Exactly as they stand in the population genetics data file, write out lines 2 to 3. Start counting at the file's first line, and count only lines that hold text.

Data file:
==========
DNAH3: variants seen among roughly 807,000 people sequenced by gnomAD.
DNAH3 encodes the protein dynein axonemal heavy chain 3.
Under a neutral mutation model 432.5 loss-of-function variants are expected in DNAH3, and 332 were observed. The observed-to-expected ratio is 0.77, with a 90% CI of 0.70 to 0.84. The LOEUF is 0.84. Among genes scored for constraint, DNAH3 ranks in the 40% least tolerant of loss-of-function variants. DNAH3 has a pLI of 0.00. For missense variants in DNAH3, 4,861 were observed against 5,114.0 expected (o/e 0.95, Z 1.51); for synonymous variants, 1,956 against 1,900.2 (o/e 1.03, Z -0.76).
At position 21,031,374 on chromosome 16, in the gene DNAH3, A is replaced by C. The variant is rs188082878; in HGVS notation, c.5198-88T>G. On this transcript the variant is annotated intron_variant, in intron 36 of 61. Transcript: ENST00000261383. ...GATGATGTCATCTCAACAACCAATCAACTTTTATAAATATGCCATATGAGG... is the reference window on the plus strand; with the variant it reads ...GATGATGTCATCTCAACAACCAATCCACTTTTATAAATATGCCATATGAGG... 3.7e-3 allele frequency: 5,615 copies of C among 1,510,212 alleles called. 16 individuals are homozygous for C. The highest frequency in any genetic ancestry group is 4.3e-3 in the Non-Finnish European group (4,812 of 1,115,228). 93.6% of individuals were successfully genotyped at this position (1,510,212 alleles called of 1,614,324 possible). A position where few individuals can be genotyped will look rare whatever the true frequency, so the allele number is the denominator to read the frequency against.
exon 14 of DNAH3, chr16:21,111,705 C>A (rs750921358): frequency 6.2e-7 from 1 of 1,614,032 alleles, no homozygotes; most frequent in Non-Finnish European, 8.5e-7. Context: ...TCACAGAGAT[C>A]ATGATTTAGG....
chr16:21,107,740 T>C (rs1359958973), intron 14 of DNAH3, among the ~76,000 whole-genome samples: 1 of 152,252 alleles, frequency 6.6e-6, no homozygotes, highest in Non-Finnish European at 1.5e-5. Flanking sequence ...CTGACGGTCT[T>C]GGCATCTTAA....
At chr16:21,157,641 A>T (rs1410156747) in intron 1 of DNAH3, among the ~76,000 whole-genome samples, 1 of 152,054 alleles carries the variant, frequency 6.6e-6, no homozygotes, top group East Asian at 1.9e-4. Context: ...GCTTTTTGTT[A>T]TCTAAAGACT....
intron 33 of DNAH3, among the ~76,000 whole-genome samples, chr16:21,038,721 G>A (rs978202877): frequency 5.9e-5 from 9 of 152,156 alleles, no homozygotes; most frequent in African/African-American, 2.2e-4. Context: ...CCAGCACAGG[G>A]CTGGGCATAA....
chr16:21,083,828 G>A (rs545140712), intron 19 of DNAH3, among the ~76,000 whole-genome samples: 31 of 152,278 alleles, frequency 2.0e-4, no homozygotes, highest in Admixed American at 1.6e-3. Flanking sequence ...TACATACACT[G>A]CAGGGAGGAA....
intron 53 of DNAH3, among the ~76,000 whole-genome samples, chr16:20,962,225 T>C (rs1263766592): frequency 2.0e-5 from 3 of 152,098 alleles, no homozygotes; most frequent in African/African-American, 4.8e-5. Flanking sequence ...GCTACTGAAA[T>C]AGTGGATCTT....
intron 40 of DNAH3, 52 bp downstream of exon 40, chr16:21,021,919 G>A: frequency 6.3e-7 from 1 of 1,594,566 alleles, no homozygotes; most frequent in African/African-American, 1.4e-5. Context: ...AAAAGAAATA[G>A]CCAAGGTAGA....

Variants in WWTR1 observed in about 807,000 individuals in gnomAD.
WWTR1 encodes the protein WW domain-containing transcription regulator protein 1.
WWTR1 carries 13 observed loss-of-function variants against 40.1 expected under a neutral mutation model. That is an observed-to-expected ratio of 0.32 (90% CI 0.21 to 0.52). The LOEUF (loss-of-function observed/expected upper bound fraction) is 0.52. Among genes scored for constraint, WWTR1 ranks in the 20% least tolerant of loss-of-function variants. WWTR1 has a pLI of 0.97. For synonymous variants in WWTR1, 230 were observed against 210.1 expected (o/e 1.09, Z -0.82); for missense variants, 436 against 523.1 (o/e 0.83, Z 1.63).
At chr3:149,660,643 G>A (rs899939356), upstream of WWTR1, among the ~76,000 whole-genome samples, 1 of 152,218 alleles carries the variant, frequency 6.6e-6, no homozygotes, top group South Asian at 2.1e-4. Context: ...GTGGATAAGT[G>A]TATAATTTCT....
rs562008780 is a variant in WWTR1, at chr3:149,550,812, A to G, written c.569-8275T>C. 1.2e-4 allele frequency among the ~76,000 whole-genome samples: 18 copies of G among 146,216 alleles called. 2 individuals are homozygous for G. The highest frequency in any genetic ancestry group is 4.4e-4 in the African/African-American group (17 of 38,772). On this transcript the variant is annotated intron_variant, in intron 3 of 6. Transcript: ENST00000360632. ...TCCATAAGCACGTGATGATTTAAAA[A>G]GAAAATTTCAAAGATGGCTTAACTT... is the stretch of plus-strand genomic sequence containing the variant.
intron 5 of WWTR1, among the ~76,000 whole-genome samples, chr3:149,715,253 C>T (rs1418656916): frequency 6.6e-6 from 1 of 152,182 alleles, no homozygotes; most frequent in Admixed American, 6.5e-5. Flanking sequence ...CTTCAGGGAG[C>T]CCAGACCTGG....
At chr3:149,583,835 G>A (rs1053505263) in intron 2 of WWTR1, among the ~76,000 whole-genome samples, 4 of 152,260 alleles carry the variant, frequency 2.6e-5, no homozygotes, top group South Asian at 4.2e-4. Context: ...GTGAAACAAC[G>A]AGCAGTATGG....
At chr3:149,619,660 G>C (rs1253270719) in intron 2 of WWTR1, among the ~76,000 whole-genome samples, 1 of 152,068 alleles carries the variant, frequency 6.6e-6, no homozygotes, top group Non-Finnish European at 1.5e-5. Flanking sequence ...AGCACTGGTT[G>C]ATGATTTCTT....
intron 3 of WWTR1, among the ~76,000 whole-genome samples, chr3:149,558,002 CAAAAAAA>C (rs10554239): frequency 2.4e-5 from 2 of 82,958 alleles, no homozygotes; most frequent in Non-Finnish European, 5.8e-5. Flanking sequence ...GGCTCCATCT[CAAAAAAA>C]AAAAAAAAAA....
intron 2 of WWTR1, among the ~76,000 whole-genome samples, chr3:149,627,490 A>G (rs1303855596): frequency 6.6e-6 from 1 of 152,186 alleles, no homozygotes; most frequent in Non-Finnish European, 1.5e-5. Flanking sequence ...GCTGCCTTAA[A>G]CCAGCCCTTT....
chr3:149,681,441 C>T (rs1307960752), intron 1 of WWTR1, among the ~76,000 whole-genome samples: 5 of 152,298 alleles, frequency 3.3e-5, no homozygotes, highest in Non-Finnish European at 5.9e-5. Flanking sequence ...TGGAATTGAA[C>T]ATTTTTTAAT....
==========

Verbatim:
DNAH3 encodes the protein dynein axonemal heavy chain 3.
Under a neutral mutation model 432.5 loss-of-function variants are expected in DNAH3, and 332 were observed. The observed-to-expected ratio is 0.77, with a 90% CI of 0.70 to 0.84. The LOEUF is 0.84. Among genes scored for constraint, DNAH3 ranks in the 40% least tolerant of loss-of-function variants. DNAH3 has a pLI of 0.00. For missense variants in DNAH3, 4,861 were observed against 5,114.0 expected (o/e 0.95, Z 1.51); for synonymous variants, 1,956 against 1,900.2 (o/e 1.03, Z -0.76).